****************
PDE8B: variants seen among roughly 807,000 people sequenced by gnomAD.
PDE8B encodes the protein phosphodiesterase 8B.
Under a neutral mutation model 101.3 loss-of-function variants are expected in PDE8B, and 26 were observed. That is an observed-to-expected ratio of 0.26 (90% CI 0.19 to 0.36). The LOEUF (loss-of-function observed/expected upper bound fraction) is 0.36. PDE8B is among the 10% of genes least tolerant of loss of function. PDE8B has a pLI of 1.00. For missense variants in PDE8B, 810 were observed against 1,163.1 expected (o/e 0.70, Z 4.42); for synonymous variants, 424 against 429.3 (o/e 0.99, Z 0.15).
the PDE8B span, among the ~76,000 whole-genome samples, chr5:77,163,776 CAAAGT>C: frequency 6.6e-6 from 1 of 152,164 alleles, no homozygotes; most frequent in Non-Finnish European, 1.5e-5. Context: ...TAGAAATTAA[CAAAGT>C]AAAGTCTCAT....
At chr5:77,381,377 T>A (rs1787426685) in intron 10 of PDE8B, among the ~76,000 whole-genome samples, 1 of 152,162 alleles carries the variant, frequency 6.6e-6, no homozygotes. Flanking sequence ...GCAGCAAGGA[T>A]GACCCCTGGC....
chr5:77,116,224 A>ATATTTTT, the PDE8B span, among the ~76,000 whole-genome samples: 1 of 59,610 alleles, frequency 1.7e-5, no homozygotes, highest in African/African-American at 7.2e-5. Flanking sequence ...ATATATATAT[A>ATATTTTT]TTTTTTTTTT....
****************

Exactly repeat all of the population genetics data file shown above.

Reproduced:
PDE8B: variants seen among roughly 807,000 people sequenced by gnomAD.
PDE8B encodes the protein phosphodiesterase 8B.
Under a neutral mutation model 101.3 loss-of-function variants are expected in PDE8B, and 26 were observed. That is an observed-to-expected ratio of 0.26 (90% CI 0.19 to 0.36). The LOEUF (loss-of-function observed/expected upper bound fraction) is 0.36. PDE8B is among the 10% of genes least tolerant of loss of function. PDE8B has a pLI of 1.00. For missense variants in PDE8B, 810 were observed against 1,163.1 expected (o/e 0.70, Z 4.42); for synonymous variants, 424 against 429.3 (o/e 0.99, Z 0.15).
the PDE8B span, among the ~76,000 whole-genome samples, chr5:77,163,776 CAAAGT>C: frequency 6.6e-6 from 1 of 152,164 alleles, no homozygotes; most frequent in Non-Finnish European, 1.5e-5. Context: ...TAGAAATTAA[CAAAGT>C]AAAGTCTCAT....
At chr5:77,381,377 T>A (rs1787426685) in intron 10 of PDE8B, among the ~76,000 whole-genome samples, 1 of 152,162 alleles carries the variant, frequency 6.6e-6, no homozygotes. Flanking sequence ...GCAGCAAGGA[T>A]GACCCCTGGC....
chr5:77,116,224 A>ATATTTTT, the PDE8B span, among the ~76,000 whole-genome samples: 1 of 59,610 alleles, frequency 1.7e-5, no homozygotes, highest in African/African-American at 7.2e-5. Flanking sequence ...ATATATATAT[A>ATATTTTT]TTTTTTTTTT....